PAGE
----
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Guide to the Francis Cope Yarnall Papers, 1853-1861


Yarnall's bound manuscript volume entitled "Letters on Slavery," dated 1885, discussing slavery in the American South.

Collection Details

Collection Number
Francis Cope Yarnall papers
Yarnall, Francis
0.1 Linear Feet
David M. Rubenstein Rare Book & Manuscript Library
Materials in English

Collection Overview

The collection consists of a bound manuscript volume entitled "Letters on Slavery, F.C.Y., 1853" (88 pages) and a small number of clippings, some loose and some mounted within the volume. The spine of the book, bookplate, and the copies of the letterse all bear Francis Yarnall's name or initials, so presumably the handwriting is his. It is possible the volume is a contemporary copy because all clippings date to 1861 or earlier.

The volume has two parts: a wide-ranging discussion of slavery in the South (pages 1-25) and a series of letters (48 pages) dated 1853-1854 between Yarnall and Professor M. in New York, in which the discussion is continued. Yarnall toured the South and his initial article is dated March 1853 in Huntsville, Alabama. He wrote that he was opposed to slavery, but did not advocate sudden abolition. He was sensitive to the complexity of the subject, and presents a comprehensive assessment of many aspects of slavery: condition and treatment of slaves (both house and field hands); the character of black people; the character of overseers and masters; slave traders and drivers; agricultural practices in the South; treatment of runaway slaves, including the use of dogs and murder of fugitives; the impact of Northern anti-slavery movements; the reception of the Fugitive Slave Act; the prospects of colonization in Africa; and the relationship between Christianity and slavery. Yarnall appears to attempt a neutral view about these issues in his article, reiterating repeatedly that his comments are based on first-hand observations and inquiries.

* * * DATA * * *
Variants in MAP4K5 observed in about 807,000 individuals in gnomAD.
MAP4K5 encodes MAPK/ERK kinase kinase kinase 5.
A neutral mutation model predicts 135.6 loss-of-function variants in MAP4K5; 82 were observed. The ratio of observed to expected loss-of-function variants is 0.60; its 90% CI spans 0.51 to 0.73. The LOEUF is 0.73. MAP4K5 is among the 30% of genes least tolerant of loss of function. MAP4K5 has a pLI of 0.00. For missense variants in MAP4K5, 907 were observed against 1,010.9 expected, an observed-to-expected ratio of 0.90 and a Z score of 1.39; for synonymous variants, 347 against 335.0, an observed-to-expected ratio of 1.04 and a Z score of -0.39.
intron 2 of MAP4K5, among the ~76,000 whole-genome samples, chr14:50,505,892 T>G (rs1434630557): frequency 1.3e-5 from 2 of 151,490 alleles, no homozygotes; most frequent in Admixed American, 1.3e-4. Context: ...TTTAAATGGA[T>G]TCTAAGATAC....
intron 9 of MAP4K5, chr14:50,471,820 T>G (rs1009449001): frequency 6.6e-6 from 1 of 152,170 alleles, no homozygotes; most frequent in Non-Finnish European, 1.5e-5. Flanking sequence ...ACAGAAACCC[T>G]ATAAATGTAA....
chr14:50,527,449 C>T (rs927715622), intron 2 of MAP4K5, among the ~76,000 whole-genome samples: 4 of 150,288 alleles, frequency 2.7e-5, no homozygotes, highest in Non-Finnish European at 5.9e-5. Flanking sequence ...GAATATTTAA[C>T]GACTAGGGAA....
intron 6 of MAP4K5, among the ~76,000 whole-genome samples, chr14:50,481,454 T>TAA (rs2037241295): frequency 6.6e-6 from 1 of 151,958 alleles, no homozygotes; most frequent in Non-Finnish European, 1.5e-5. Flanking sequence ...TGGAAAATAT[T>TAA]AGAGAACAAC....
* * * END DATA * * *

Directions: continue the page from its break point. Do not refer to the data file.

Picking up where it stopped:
He is more hostile to slavery in the subsequent letters between himself and Professor M. Professor M. defended slavery on practical, religious, and philosophical grounds. Yarnall attacked slavery in his return letters. It is unclear whether Professor M. is an actual person or a literary device. All of the volume's letters are in the same handwriting. Additional topics include: the condition of blacks in Africa; labor in the North; inequality as a condition of life; white men's potential to elevate other races; prejudice between North and South; Jamaica's emancipation; the deaths of leaders Clay, Calhoun, and Webster; the Nebraska Bill; and Southern slavery laws.

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How to Cite

[Identification of item], [Title of collection], David M. Rubenstein Rare Book & Manuscript Library, Duke University.

Contents of the Collection

"Letters on Slavery," F.C.Y., 1853-1854
(1 Volumes)
Box 1
Clippings from the Whig Almanac, 1855
Box 1
Information folder about the Yarnall family
Box 1

Historical Note

Francis Cope Yarnall (1830-1890), businessman from a Philadelphia family, was a prominent railroad executive and coal operator. He was interested in developing slate quarries in the Bangor region, and served as vice president of the Lehigh Coal and Navigation Company; president of the Lehigh and Lackawanna Railroad; vice president of the Lehigh and Susquehanna Railroad; and a director of the Mortgage Trust Company of Pennsylvania.

Yarnall was born May 4, 1830, son of Edward Yarnall, a wholesale druggist and director of the North American Bank. The family was Francis Yarnall married Mary Coale of Baltimore.

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